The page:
People and technology must unite to fight against cyber-terrorism
As IT security evolves, employees must be kept in the loop about how to keep themselves and their organisations secure, says Joel Dolisy, CIO, SolarWinds
As the Internet of Things continues to grow, protecting the country’s economy, interests and infrastructure from cyber-threats has never been more important. Connected devices are opening up a wealth of opportunities for cyber-criminals to target government and public sector organisations, increasing the likelihood of data breaches or malicious attacks and even cyber-terrorism – the consequences of which could put national security at risk.
In order to help combat these threats, late last year law enforcement agencies from around the world took part in an international exercise to test how they would work together in the event of a large-scale cyber-attack. The exercise was called Silver Shadow, and was run by the UK's National Crime Agency (NCA). Specialists from across Europe were challenged using Serco’s cyber exercising capability – cybX – which simulates a cyber-attack. It provided private and public sector organisations with the ability to see how they would prepare and respond to serious cyber-attacks.
The exercise encompassed a mix of scenarios, which challenged the ability of management and IT staff to identify and end a cyber-attack. The activity not only showed organisations how important it is to always be prepared for such an event, it also highlighted that in order for public sector organisations to secure themselves once a breach has happened they must communicate with their supply chain, customers and other stakeholders, including law enforcement, to ensure all bases are covered.
It is hugely important to ensure employees responsible for protecting public sector organisations from a breach have the skillset and the training to deal with a high-impact cyber-attack. But it’s equally important for the most up-to-date technology to already be in place. Even a team with an incredibly strong skillset won’t be able to defend against a cyber-attack without the right technological assistance. Furthermore, it’s important for the IT team to educate other employees about the importance of cyber-security and what they can do to help if the worst should happen.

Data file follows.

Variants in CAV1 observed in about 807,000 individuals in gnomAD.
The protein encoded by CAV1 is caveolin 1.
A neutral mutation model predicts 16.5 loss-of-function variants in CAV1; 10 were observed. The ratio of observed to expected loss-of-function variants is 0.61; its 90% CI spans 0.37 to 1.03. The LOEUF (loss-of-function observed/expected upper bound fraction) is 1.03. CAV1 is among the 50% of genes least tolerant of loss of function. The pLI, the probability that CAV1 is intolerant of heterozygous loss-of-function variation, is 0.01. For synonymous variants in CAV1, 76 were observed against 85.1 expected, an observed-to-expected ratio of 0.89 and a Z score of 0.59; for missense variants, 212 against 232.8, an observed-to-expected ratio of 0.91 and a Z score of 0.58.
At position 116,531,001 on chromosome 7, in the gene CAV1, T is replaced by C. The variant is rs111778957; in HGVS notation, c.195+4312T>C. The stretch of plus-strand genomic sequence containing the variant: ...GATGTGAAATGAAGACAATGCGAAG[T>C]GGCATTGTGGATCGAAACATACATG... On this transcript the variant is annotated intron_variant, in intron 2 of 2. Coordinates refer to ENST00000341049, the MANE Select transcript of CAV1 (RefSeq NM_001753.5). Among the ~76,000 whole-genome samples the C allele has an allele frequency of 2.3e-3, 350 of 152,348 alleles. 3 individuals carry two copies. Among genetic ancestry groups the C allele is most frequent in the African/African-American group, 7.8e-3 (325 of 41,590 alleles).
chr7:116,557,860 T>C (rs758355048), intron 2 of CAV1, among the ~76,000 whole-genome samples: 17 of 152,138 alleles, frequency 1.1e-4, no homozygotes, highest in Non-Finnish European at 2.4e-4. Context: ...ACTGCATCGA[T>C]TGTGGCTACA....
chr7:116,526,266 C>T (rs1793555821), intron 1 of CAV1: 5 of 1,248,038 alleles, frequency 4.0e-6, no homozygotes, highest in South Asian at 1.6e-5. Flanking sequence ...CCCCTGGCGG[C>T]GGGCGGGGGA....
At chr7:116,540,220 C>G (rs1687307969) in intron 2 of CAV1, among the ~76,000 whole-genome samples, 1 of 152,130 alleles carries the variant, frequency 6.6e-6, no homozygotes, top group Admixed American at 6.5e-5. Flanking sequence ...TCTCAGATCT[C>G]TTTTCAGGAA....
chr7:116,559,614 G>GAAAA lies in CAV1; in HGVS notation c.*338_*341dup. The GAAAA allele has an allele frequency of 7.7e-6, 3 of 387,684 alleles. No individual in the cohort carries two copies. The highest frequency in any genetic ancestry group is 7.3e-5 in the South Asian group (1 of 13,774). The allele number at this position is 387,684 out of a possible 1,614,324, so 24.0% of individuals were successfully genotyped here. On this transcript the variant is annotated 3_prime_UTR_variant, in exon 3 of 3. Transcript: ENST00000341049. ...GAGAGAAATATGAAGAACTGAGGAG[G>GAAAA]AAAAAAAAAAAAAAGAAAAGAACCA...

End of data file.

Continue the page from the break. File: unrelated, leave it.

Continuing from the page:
The Silver Shadow exercise taught many IT managers that they should always be prepared and have an overview of what is going on within the network, which is a difficult task without the right tools. The IT department is often stretched, and in many cases network configuration is being carried out quickly, as opposed to accurately, by IT pros and leading to employees making unofficial and inaccurate network changes. One way IT pros should be looking to combat this in public sector and government organisations is by automating the network configuration process so the procedure can be carried out much more efficiently.
A recent survey from SolarWinds showed that 39% of organisations feel less vulnerable than a year ago, and the reason for this is improved patch management and the implementation of alerting tools. Automating the process means there can be scheduled network configuration backups and bulk change deployment for thousands of devices, all with minimal input from the IT pro and limiting concerns over insider threats.
Another tip is to block unauthorised devices from accessing the network by creating a policy which allows the team to track and monitor devices, switches and ports. To ensure maximum security, the IT pro can develop a “whitelist” of all the devices which are allowed access the network and set up notifications if a suspect device attempts to gain access.
Investing in a solution that can automatically monitor the network for any anomalies and alert administrators of any potential breaches, data leaks, unauthorised users or suspicious activity will give IT pros a better overview of what is going on in the network.
When dealing with sensitive data in public sector environments, it’s important that staff understand how vital security is. It seems simple, but many don’t understand the security risks associated with accessing unsafe websites, storing and accessing data via unsecure cloud services, using weak passwords and not properly encrypting sensitive information. One way of addressing this is for the IT pro to implement technical controls to limit user permissions, but this alone isn’t enough. It’s more effective to combine technical controls with employee education.
As IT security evolves, it’s important that employees are regularly kept in the loop about how best to keep themselves and the business secure. Human error can have a devastating effect when it comes to cyber-security so it’s vital that sufficient training is provided on the subject. IT and HR departments need to work closely together to develop in-depth, easy to understand training programmes, so employees can directly learn about breaches and their potential impact – and also become aware of their own personal IT security.
It’s great to see activities like Silver Shadow taking place and putting security back at the top of the agenda. But, according to the Online Trust Alliance, 90 per cent of data breaches that occur could have been prevented if the organisation had been prepared – by having the right technology in place and rolling out education campaigns for employees so hackers can’t access the network from the inside.
Technology and people complement each other best when they share the same priorities. Focusing on security means that when a cyber-attack becomes a realistic threat, the right protocols are in place to fend off the attacker.
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